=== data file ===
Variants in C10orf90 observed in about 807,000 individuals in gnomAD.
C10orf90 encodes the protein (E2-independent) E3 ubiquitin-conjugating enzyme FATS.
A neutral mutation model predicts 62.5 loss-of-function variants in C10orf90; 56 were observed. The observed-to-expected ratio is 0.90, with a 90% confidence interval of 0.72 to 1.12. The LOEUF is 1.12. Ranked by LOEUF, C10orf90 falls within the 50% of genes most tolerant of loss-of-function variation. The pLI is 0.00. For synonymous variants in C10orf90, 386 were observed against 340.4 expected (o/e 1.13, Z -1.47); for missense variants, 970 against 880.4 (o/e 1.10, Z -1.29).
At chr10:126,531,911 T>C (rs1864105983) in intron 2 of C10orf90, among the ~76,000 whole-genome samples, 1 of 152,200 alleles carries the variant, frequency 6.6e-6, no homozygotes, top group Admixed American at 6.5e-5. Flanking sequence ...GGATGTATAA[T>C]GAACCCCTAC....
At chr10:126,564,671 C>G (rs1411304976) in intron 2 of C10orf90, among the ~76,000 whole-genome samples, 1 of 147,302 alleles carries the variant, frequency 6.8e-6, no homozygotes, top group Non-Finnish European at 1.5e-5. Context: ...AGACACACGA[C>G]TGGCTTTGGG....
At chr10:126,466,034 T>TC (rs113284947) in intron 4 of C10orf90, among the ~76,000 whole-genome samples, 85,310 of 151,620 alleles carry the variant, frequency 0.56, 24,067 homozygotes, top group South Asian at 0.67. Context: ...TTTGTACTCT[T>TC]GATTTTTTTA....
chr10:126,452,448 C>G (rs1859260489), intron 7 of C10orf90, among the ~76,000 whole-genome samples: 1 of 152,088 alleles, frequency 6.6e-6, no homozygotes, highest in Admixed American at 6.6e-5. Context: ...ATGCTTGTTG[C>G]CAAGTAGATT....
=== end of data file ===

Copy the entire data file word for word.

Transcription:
Variants in C10orf90 observed in about 807,000 individuals in gnomAD.
C10orf90 encodes the protein (E2-independent) E3 ubiquitin-conjugating enzyme FATS.
A neutral mutation model predicts 62.5 loss-of-function variants in C10orf90; 56 were observed. The observed-to-expected ratio is 0.90, with a 90% confidence interval of 0.72 to 1.12. The LOEUF is 1.12. Ranked by LOEUF, C10orf90 falls within the 50% of genes most tolerant of loss-of-function variation. The pLI is 0.00. For synonymous variants in C10orf90, 386 were observed against 340.4 expected (o/e 1.13, Z -1.47); for missense variants, 970 against 880.4 (o/e 1.10, Z -1.29).
At chr10:126,531,911 T>C (rs1864105983) in intron 2 of C10orf90, among the ~76,000 whole-genome samples, 1 of 152,200 alleles carries the variant, frequency 6.6e-6, no homozygotes, top group Admixed American at 6.5e-5. Flanking sequence ...GGATGTATAA[T>C]GAACCCCTAC....
At chr10:126,564,671 C>G (rs1411304976) in intron 2 of C10orf90, among the ~76,000 whole-genome samples, 1 of 147,302 alleles carries the variant, frequency 6.8e-6, no homozygotes, top group Non-Finnish European at 1.5e-5. Context: ...AGACACACGA[C>G]TGGCTTTGGG....
At chr10:126,466,034 T>TC (rs113284947) in intron 4 of C10orf90, among the ~76,000 whole-genome samples, 85,310 of 151,620 alleles carry the variant, frequency 0.56, 24,067 homozygotes, top group South Asian at 0.67. Context: ...TTTGTACTCT[T>TC]GATTTTTTTA....
chr10:126,452,448 C>G (rs1859260489), intron 7 of C10orf90, among the ~76,000 whole-genome samples: 1 of 152,088 alleles, frequency 6.6e-6, no homozygotes, highest in Admixed American at 6.6e-5. Context: ...ATGCTTGTTG[C>G]CAAGTAGATT....